Prose and The Poem
Max Jacob, The Dice Cup, (trans. By Ian Seed) Wakefield Press, 2022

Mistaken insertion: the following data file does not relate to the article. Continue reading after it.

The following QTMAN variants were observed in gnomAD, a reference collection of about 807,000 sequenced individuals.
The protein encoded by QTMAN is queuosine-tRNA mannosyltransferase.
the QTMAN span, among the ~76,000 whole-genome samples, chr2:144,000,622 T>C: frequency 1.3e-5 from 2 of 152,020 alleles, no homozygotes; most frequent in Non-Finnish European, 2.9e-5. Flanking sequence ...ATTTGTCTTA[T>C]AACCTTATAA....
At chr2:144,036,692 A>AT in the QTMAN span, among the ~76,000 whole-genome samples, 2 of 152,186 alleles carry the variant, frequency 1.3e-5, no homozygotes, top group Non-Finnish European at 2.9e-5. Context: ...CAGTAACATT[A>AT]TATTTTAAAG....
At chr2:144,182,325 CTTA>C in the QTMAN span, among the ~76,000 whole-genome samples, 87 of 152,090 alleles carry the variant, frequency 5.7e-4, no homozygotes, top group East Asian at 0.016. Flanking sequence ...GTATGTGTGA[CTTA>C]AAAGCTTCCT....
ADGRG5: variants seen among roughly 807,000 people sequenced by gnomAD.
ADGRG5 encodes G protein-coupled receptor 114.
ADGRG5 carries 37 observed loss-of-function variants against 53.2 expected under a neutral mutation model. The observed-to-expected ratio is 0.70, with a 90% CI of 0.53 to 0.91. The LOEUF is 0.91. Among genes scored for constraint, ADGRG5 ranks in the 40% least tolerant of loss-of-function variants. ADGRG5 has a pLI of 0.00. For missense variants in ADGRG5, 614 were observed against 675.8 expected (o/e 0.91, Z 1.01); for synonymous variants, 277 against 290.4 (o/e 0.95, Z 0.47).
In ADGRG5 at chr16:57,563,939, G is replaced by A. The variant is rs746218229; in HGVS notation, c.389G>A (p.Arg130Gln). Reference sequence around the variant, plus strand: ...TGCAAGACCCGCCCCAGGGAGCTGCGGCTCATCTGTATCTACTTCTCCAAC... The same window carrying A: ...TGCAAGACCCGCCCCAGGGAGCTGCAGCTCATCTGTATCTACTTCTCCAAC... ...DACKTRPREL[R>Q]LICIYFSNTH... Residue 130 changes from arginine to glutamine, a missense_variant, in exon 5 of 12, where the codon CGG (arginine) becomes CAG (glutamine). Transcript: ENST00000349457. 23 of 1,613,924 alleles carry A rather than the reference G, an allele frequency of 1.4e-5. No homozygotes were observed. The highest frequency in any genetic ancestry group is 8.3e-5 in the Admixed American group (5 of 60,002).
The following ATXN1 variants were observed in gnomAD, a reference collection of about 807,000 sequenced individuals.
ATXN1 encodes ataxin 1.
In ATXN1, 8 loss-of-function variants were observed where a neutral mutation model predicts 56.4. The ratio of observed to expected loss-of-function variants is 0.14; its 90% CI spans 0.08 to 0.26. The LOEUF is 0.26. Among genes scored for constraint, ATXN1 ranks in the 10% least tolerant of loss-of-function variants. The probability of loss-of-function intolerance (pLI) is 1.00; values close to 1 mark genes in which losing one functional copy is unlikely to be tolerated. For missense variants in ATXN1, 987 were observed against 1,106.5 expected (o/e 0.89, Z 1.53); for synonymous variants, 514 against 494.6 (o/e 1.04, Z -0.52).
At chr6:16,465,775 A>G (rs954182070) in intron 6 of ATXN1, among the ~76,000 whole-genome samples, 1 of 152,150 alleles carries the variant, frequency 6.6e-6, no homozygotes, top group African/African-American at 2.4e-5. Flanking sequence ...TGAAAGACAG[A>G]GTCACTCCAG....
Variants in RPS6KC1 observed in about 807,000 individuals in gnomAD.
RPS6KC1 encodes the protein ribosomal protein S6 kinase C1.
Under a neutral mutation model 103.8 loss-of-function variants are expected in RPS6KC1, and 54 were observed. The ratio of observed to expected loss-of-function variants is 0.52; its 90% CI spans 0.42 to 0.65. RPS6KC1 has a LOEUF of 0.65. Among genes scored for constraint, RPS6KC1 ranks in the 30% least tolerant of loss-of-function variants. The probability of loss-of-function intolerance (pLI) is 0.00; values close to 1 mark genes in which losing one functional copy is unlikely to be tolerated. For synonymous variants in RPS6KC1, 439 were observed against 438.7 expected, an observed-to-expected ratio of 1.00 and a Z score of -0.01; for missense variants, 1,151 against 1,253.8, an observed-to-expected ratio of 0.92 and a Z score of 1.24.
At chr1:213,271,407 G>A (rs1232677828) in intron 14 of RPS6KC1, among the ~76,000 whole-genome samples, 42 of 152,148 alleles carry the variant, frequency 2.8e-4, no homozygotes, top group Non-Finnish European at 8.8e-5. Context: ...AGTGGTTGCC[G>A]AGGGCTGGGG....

In 1974, David Meltzer’s Tree Books published Andrei Codrescu’s à Max Jacob, a chapbook of original prose poems and a few visceral translations of Jacob’s own prose. Max Jacob’s prose poems were of great interest in certain corners of the US poetry world around that time. Ashbery had published some translations. Michael Brownstein’s versions were talked about. The prose poem was coming into its own as a viable alternative form, and some of the foremost examples were from French poets active half a century or more earlier, Jules LaForgue, Pierre Reverdy, and Max Jacob among them. In 1977, Michael Benedikt, then poetry editor for The Paris Review, published The Prose Poem, An International Anthology featuring two dozen Jacob translations by himself, Ashbery, and Jerome Rothenberg, and which set the stage for the subsequent embrace of the form by American poets who were looking to expend their energies on something other than stanzaic verse. The prose poem has undergone many transformations since then and has even spawned (in the artificial environment of the workshop) a dubious offspring, flash fiction. However, anyone familiar with Guillaume Apollinaire’s poetry back then would have come across Jacob’s name as one of a coterie of famed Cubist poets. Those with the means and opportunity acquired a copy of the 1967 NRF paperback of Jacob’s Le cornet à dés and did their best with smatterings of French (schooled or native) and a French/English dictionary—no easy task as Jacob’s idiomatic French and inventive constructions left many scratching their heads and/or giving it an educated guess. By the late 70’s Michael Brownstein edited and introduced The Dice Cup—Selected Prose Poems (SUN, 1979), translated by himself and a few celebrity translators such as John Ashbery and Ron Padgett. The cover photo depicts Max Jacob in a leather trench coat cosplaying as the legendary villain, Fantomas. The SUN edition was a delight as well as a disappointment. It was a delight to have so many translations of Jacob’s prose poems available under one cover. The disappointment was that it barely scratched the surface of Max Jacob’s remarkable oeuvre, leaving out many of the more fascinating, intricate, and yes, obscure of the prose poems.